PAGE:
In the event that you have orders handed down that you do not agree with or find that they no longer suit you or your circumstances, it is possible for you to change them through a process called a modification. If the material and substantial change has occurred in your life, your ex-spouse's life, or the lives of one of your children then you have an opportunity to have specific orders modified.
What sort of changes would a court be looking for? For instance, if you are ordered to pay spousal support to your ex-wife and she gets married, you should no longer be responsible for paying spousal support. A modification of your divorce decree would appear to be justified based on this condition having been met. Likewise, if you are the custodial parent of a child and that child has developed an illness that requires constant medical care, you may need to ask a court to go back and adjust the amount of child support that you receive in order to help offset the increased costs of the medical care of your child.
Many times (most times?) a parent asks for a modification of an order it has to do with the visitation/custody orders no longer being workable for your family. Maybe transporting a child based on prior orders just doesn't work out any longer because one parent has moved. Maybe your child is over the age of 12 and now wants to live with you primarily instead of their mom. It could be a whole host of reasons why you would ask for modification.
Whatever the modification is in regard to, a judge must find that it is in the best interests of a child. This can basically work in one of two ways: either the judge will issue your orders after a child, which means that he or she will be able to dictate what is in the best interests of your child. Or, you and your child’s other parent will be able to negotiate the terms of your modification. At which point a judge will likely presume that you and your child’s other parent are acting in their best interests and approve the modification even though he or she played no role in creating the order.
What happens in the event that someone violates your court order?
There are two parties to your family lawsuit: you and the other person. Therefore, it is possible that one of you could violate the order. You may be sitting at your desk shaking your head and thinking that it could never be you that violates the court order. Well, I don’t know how to tell you in any other way that, yes, even you could violate a court order. Stranger things have happened.
Either way, if a violation occurs in regard to your court order the aggrieved party could file an enforcement lawsuit against the violating party. The filing party is doing so in order to force the other side to follow the rules and to allow the judge to assess some degree of punishment against the violator. Contempt proceedings are the normal means for doing so. Jail time and fines are possible depending upon the circumstances of your enforcement. In addition to parental rights termination cases, this is a situation where you are entitled to have the court appoint you an attorney.
Many times parents decide after a period of time that it is no longer necessary to follow the visitation orders that they have on the books. This may be for any number of reasons, not the least of which tends to be that the other parent did something to upset him or her and now a violation of the order will occur to settle the score. Once that happens, hurt feelings come into play and an escalation of violations occurs. Typically, more than one violation occurs and a battle of enforcement suits is the end result.
Does this sound familiar? If you and your ex-spouse find yourself in a situation where you both have violated court orders it may be worth your time to examine why those violations occurred. Maybe you can work together in mediation to modify your orders to better suit your lives now. That would be far agreeable than suing each other over these enforcement-related issues. Your family's situation is unique but with some co-parenting and assistance from an experienced family law attorney, it is likely that you have solutions that can minimize the cost and time spent on these types of unpleasant occurrences.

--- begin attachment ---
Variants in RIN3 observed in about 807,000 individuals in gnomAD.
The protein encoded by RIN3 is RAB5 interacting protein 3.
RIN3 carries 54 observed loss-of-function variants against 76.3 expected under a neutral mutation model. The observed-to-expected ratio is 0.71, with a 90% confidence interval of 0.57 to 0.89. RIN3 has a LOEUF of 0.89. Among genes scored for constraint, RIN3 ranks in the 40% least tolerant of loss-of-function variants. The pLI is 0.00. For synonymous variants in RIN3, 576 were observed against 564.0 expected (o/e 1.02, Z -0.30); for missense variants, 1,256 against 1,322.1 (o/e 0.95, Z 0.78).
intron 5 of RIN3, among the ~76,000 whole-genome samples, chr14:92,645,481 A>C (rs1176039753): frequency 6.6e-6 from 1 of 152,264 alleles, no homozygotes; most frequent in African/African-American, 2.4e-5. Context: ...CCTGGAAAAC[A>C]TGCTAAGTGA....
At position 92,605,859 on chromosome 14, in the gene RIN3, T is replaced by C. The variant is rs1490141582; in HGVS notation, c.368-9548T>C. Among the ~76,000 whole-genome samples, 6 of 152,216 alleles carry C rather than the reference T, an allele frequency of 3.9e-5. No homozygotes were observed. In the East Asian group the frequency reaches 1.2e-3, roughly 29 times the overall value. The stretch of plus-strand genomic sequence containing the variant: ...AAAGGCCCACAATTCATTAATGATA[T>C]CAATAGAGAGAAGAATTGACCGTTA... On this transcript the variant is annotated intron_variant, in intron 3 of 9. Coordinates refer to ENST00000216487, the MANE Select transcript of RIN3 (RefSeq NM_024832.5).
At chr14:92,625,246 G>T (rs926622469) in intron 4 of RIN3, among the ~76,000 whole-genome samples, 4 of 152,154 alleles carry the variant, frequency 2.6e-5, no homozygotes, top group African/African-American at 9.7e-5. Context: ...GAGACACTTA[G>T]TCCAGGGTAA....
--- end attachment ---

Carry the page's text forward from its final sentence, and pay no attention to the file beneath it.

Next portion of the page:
Questions about family law cases in Texas? Contact the Law Office of Bryan Fagan
If you have any questions about the material that we covered in today's blog post, I encourage you to contact the Law Office of Bryan Fagan. Our licensed family law attorneys offer free of charge consultations six days a week where we can answer your questions and discuss your specific circumstances. We take pride in being able to work along with side people just like you who live in our community. We thank you for giving us some of your time today and hope that you will join us again tomorrow.
If you want to know more about what you can do, CLICK the button below to get your FREE E-book: “16 Steps to Help You Plan & Prepare for Your Texas Divorce”
Other Articles you may be interested in regarding
- Grandparent Visitation Rights in Texas?
- Grandparents' Rights in Texas
- Divorcing After Age 50 in Texas: What it Can Mean for You and Your Spouse
- 7 Tips for Divorcing After Age 50 in Texas
- Can I sue my spouse's mistress in Texas?
- When is, Cheating Considered Adultery in a Texas Divorce?
- Texas Divorce Morality Clause: Be Careful What You Ask For
- 6 Tips - On How to prepare for a Texas Divorce
- How am I going to Pay for My Texas Divorce?
- How Much Will My Texas Divorce Cost?
Law Office of Bryan Fagan, PLLC | Houston, Texas Divorce Lawyers
The Law Office of Bryan Fagan, PLLC routinely handles matters that affect children and families. If you have questions regarding divorce, it's important to speak with one of our Houston, TX Divorce Lawyers right away to protect your rights.
Our divorce lawyers in Houston TX are skilled at listening to your goals during this trying process and developing a strategy to meet those goals. Contact Law Office of Bryan Fagan, PLLC by calling (281) 810-9760 or submit your contact information in our online form. The Law Office of Bryan Fagan, PLLC handles Divorce cases in Houston, Texas, Cypress, Klein, Humble, Kingwood, Tomball, The Woodlands, the FM 1960 area, or surrounding areas, including Harris County, Montgomery County, Liberty County, Chambers County, Galveston County, Brazoria County, Fort Bend County, and Waller County.